The  IDLEfork  Project     --    Mission Statement


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The IDLE / IDLEfork Mission Statment

In late June 2001 there was a lot of discussion on the idle-dev mailing list about what the aims of IDLE (and therefore IDLEfork) are. As a result of these discussions, and the imprimatur of Guido van Rossum, the IDLEfork project was reborn in its currrent form, and a general set of guidelines on what IDLE is and should be were nutted out. What follows is an attempt to distill these ideas into point form as a general 'statement of purpose' for IDLE / IDLEfork, useful as a guide to anyone who is interested in the why and wherefore of IDLE.

These points are borrowed from the input of many who participated in the above discussion and are presented here in no particular order. Thanks to all who contributed to this clarification of IDLE's raison d'etre.

  • IDLE aims to be nothing more or less than a small, light, integrated development environment that is bundled by default in the standard Python distribution, with a major emphasis on being simple to use for beginners in Python programming. It should (and does) contain a debugger, editor and interactive shell window that understand the Python syntax and environment and share features such as syntax highlighting. Because of its inclusion with Python it is available to first time, casual, and resource limited users for free.
  • IDLE should remain under the ultimate control of GvR, just like the rest of Python. Neither of them would be as good as they are now if weren't for his work and stewardship.
  • IDLE's UI is written in Tkinter, and will stay in Tkinter, because it is the default Python GUI toolkit and is bundled with most python versions and is portable to many of the platforms Python runs on.
  • IDLE itself provides an extended, non-trivial example of Python and Tkinter programming.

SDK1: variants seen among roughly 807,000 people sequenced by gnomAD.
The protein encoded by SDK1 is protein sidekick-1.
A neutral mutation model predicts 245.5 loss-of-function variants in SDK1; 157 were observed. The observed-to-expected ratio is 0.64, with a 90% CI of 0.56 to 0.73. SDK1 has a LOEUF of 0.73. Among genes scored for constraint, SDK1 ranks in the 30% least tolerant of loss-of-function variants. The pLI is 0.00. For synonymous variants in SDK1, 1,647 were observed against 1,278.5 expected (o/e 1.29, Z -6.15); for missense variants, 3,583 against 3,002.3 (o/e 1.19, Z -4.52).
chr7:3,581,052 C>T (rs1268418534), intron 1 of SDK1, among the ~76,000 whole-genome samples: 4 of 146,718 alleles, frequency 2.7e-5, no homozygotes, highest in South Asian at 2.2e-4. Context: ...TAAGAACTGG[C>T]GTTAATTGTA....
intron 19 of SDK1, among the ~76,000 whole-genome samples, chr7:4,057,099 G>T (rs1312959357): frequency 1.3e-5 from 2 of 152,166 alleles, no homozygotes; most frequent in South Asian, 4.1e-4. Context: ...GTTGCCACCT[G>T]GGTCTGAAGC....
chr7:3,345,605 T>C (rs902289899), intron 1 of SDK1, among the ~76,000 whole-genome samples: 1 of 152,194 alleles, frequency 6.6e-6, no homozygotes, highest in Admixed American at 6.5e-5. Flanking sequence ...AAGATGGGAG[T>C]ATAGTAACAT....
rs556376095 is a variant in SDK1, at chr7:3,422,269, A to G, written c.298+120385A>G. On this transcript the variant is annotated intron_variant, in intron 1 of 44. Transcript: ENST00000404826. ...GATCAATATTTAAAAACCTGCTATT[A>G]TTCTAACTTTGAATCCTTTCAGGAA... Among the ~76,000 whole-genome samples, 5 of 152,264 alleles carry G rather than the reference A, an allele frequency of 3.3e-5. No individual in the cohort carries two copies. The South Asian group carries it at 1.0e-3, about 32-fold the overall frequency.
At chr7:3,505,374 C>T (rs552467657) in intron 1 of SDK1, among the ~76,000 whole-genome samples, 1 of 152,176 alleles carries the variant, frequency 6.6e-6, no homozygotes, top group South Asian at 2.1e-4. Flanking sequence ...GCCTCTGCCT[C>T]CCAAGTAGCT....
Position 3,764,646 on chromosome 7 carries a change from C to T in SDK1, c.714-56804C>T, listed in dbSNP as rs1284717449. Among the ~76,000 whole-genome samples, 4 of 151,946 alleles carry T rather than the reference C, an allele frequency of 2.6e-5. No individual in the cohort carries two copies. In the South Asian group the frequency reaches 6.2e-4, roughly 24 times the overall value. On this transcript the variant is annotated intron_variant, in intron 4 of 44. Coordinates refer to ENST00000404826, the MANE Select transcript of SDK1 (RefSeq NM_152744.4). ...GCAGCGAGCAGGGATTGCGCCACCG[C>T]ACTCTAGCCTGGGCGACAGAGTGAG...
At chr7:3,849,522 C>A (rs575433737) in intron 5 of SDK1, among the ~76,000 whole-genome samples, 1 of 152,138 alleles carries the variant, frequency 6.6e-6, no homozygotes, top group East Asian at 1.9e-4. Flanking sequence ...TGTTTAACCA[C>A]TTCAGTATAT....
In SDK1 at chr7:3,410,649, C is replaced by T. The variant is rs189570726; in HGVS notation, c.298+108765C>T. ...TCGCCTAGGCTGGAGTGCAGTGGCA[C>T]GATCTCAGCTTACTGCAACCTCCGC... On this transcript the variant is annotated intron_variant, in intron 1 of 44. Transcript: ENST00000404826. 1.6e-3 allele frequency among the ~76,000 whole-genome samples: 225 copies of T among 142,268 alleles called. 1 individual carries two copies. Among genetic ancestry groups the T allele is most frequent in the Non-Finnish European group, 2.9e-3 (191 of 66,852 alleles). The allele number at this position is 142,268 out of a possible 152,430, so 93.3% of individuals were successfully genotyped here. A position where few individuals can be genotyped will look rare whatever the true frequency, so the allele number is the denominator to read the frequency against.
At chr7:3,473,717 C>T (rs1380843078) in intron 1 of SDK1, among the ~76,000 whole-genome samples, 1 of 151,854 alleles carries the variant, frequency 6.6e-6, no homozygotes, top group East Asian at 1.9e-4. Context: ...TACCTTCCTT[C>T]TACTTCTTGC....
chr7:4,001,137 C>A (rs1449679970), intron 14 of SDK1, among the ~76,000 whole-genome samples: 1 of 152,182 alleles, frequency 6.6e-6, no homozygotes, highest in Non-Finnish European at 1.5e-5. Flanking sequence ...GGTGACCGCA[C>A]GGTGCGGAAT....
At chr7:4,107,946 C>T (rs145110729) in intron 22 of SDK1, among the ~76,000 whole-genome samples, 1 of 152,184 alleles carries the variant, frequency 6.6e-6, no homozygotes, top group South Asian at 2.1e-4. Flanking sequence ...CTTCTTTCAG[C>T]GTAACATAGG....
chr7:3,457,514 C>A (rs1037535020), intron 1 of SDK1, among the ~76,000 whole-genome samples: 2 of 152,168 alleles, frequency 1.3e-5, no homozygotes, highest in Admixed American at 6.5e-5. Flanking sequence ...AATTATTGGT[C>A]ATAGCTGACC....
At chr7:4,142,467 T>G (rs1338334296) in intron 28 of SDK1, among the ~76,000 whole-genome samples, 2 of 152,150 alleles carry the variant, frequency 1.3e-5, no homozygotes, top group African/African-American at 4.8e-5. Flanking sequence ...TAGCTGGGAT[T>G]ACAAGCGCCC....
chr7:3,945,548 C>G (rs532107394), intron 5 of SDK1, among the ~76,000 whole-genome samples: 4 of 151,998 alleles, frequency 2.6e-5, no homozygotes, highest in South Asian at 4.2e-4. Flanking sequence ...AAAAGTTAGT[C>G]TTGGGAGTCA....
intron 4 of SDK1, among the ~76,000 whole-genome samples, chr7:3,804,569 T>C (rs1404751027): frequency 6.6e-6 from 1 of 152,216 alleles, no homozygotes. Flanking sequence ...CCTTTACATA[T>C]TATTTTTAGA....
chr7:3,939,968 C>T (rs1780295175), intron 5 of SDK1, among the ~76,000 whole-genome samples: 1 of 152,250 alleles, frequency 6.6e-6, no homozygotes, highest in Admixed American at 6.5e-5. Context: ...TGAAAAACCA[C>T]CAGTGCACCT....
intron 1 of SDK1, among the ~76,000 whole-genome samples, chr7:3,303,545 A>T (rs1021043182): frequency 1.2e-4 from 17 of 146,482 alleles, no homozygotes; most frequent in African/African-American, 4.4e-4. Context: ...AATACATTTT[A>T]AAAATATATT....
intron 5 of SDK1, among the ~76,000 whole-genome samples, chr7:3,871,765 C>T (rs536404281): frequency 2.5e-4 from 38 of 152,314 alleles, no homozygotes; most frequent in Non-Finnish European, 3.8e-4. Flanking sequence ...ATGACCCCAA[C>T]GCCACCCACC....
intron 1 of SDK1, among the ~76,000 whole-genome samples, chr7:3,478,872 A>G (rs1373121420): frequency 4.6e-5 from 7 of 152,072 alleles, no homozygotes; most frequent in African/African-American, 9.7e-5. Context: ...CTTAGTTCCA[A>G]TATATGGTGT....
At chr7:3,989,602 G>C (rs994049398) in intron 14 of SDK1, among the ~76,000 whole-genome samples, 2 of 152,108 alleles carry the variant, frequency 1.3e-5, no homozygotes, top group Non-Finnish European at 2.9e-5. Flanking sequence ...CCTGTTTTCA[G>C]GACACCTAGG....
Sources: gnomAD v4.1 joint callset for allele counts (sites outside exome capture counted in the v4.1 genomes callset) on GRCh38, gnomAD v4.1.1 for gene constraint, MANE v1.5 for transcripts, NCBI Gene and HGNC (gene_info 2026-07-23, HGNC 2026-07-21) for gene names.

• IDLE should remain at roughly its current (apparent) level of complexity (or less), to avoid harming its usability by beginning / intermediate programmers.
  • IDLE development should not get tied in knots trying to be all things to all people or attempting to be completely compatible with every other Python IDE out there. When it comes to IDEs, there is obviously more than one way to do it, but Guido has shown us the IDLE way and development should continue along these lines.
  • IDLE's current stability and useability will be improved steadily and incrementally by the merging of proven new features developed in the experimental IDLEfork.
  • There's no reason to have just one Python IDE (indeed there are already many available, commercial and non-commercial, and with various approaches to the task, and there are even more in development), however, it is arguable that there should be one basic IDE that ships standard with Python under the same license agreement. IDLE fills this niche.
  • As for everyone, everywhere standardising on some same "right" IDE for their Python development work: it's never going to happen, nor should it. IDLE should merely fulfil its own role as outlined above. That role doesn't include being "the" Python IDE, even if it is the one that ships by default, as part of the standard distro.